[From High Bailiff Laughton's Recollections, 1911]


A Case of Bigotry.

The morning after my arrival at home I was waited on by a gentleman dressed in high canonicals, who introduced himself as Dr. Errington, Roman Catholic Archbishop of Trebizond, and he very succinctly informed me of the object of his visit.

It appeared that several months before, a poor Irish girl had been left in a destitute and altogether distressful condition by her parents, who were: Roman Catholics, but drunken and immoral in their habits. Some of her neighbours had managed to get her into the House of Industry, which was a sort of Poor House, supported by voluntary contributions, for all sects. The parents were ignorant people, of the labouring class, and, imagining that they would have a bad chance of obtaining admission for her, if she were known to be a Catholic, they entered her in the books of the House as a Protestant. Of course, therefore, she was obliged, according to the rules of the establishment, to attend the Protestant religious services. This she regularly did. At length she became very ill, and her friends when visiting her, asked if she would not like to see a priest, to which she readily assented. One was sent for, but the Superintendent refused to admit him, saying that the girl had been admitted as a Protestant. The object of Dr. Errington's visit was to consult me as to what steps should be taken in order that the dying girl might receive from the priest Extreme Unction, according to the rites of the Roman Catholic Church. By my advice, an application was made to the late Rev. Joseph Henry Gray, then the incumbent of St. Barnabas, as Chairman of the Committee, and the true state of things was made known to him; but permission was peremptorily refused.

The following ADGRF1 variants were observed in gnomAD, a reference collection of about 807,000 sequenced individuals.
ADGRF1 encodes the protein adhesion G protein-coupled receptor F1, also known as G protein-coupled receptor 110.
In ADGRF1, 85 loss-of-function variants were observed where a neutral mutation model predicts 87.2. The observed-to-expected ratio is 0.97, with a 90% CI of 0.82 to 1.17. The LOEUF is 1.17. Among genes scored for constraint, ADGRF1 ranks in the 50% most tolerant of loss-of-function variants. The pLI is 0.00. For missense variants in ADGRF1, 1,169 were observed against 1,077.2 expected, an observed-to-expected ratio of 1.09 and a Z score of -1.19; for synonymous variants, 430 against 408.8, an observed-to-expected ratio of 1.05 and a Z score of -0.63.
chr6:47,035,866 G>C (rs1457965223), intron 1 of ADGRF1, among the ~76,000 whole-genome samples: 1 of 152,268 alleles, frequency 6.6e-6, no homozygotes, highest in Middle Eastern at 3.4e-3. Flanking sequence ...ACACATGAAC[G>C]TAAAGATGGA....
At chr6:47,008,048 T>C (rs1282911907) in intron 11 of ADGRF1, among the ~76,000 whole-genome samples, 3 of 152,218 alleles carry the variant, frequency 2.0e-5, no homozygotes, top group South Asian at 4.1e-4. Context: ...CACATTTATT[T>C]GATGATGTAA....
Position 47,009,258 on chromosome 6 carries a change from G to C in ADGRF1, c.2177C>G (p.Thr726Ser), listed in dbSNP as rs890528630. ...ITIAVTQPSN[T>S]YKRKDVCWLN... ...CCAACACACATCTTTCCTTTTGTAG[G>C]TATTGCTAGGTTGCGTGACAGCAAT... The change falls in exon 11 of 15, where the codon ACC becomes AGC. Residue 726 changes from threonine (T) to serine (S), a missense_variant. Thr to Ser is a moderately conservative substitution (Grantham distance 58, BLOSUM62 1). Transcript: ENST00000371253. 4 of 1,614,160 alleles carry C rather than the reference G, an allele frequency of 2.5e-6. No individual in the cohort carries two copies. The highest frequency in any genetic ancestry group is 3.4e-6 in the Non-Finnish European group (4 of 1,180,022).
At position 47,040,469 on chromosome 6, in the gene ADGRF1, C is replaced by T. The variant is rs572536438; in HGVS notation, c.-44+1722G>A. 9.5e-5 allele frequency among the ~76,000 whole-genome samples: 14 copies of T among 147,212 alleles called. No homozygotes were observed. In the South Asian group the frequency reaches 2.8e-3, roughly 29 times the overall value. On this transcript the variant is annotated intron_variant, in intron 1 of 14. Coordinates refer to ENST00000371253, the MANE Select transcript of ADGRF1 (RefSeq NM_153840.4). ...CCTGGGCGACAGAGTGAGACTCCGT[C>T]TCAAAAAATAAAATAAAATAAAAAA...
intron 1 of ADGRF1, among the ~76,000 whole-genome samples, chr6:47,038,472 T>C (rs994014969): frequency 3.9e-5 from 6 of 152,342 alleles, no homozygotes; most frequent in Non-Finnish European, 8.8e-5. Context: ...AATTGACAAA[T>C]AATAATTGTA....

Upon being further consulted, and informed that the girl's life was fast ebbing away, I advised that the only course now to take, though a very painful one, was for some person, with the authority of the parents, or of one of them, to remove the poor dying girl from the Institution. This was done, and on a wet and stormy day she was carried in her father's arms, to a lodging in the town where she received the last rites of the Church, and died within two days.

This case created very considerable excitement, and was the cause of a very bitter struggle between Dr. Errington, as representing the Roman Catholics, for whom I acted, and a certain somewhat intolerant section of the then Committee of the House of Industry.

The Committee were at length compelled, by the force of public opinion, to make an alteration in one of their rules, but they did it in such a way that they could, by a process of Jesuitical reasoning make it appear that no change of the kind had been required.

Thank God, that the wretched narrowness of that period has passed away, and that the House of Industry has long since been, and I hope ever will be, a model institution of which the whole island may be proud.

In consequence of this case, I formed a friendship with the Archbishop, who was one of the most deeply read Theologians which the Church of Rome then possessed. Many a stiff theological debate we had together but, as is the usual result of such disputations, he failed to convert me, and I am pretty sure that I also failed to convert him. We agreed to differ, and finally parted exceedingly good friends.

Father Gavezzi.

There was another conspicuous man whose close acquaintanceship I also made about this period, and I introduce him here because he had been, although I am not sure that he was at the time a Roman Catholic Priest–Father Gavazzi. He paid me a short visit, and during that period he delivered several addresses both in Douglas and Ramsey, strongly denouncing Pope Pius the Ninth, and the alleged corruptions of the Roman Catholic Church. I never heard so eloquent a speaker. He had evidently studied the art which Demosthenes, in olden days, had laid down as the essence of oratory, viz., delivery. His eyes, expression of face, motion of arms, attitude of body, as well as tone of voice. were all brought into one concentrated action and sympathy. Did the voice express withering irony ?–so did the flash of the eye, the curl of the lip, the position of the arms, and the turn of the hands. Did he, with full torrent force denounce in a perfect thunder of passion, some alleged grave outrage ?–his whole body trembled. The effect was simply overwhelming. again, when he wished to describe the serene sweetness and beauty of some divine sentiment, his voice became as the gentle notes of a silver flute, and every action of his body seemed to be subdued to its influence.